2:18AM PST on Jan 10, 2012

If you keep deleting my comments Kristina Chew, I'm going to go back and run all those old blog posts of yours that generated very depressing reading through the plagiarism engine and post the results to your University. I gather that even in the sleepy and conservative backwater of Classics, that stealing and cheating are not encouraged and viewed too favourably.

2:15AM PST on Jan 10, 2012

I note care2 still hasn't bothered to fix the basic coding flaw that chops of comments without any warning or char-count prior to submission. Plus the lack of an edit function until a comment has had a reply. Pretty basic and given care2's supposed viewing numbers (which I wonder about the accuracy of) and advertising revenue, that's pretty average regard for it's users too.

2:08AM PST on Jan 10, 2012

Wow Kristina Chew removed my accusations of plagiarism and running a smear campaign against Dr Wakefeild with no professional or even educational background in Science or Medicine.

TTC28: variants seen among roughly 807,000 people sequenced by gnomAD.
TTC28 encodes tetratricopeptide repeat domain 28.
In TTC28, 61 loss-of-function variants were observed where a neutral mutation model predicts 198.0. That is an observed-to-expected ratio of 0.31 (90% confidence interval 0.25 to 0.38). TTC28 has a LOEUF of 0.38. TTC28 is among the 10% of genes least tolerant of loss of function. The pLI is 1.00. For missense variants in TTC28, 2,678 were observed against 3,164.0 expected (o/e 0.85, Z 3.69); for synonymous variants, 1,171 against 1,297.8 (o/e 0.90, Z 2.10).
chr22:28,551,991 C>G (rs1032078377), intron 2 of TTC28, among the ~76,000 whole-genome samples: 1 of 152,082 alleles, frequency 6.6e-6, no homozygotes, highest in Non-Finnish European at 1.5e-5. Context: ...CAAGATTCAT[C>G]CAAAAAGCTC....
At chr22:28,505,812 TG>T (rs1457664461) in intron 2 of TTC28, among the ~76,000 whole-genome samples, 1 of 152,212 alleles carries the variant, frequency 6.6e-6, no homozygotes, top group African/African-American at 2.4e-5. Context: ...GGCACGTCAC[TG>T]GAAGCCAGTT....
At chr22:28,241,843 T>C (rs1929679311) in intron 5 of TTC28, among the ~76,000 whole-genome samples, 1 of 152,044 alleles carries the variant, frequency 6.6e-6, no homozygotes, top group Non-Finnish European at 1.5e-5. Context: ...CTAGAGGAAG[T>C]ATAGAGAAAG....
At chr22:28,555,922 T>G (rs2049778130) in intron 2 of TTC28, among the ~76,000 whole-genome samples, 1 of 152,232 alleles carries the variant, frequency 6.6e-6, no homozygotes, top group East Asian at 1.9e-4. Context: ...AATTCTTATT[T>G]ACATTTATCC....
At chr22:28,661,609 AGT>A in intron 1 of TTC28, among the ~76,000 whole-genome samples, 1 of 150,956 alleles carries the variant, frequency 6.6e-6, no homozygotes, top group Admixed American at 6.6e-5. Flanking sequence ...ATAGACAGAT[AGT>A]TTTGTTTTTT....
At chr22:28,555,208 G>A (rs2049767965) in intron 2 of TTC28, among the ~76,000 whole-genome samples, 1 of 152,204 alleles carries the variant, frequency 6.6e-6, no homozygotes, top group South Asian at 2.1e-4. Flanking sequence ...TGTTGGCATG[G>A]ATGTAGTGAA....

If only it were so easy for Dr Wakefield to remove the years of false accusations from Care2.com by Chew using her stock in trade, the rhetorical question where she (lacking conviction in her words) 'asks' so dodgy smearing question. And her other dirty journalism trick quoting some other hack saying something unsubstantiated by facts. A textbook Communist Party of China mis-information technique.

Concerning the plagiarism accusation, I ran some of her "blog" pieces through an online tool for testing plagerism and found more than half her articles that month in the very-high level of plagerism. She usually quotes one or two paragraphs from the NYT or Guardian but re-prhases another 4 or 5 paragraphs from the same article and on occasions even rewrites from an article she doesn't even cite as a source.

I guess car2.com doesn't care because when I contaacted another writer and the editor about it I got sustained silence. It's all about eye-balls and that's why I've spent orver a year away from care2 and only returned when I read about this headline in a New Scientist article.

I must say despite NS rusted-on support of any technology that employs scientists no matter how ethically problematic, the NS article was much more dispassionate and fair to Dr Wakefield than Chews article. As I said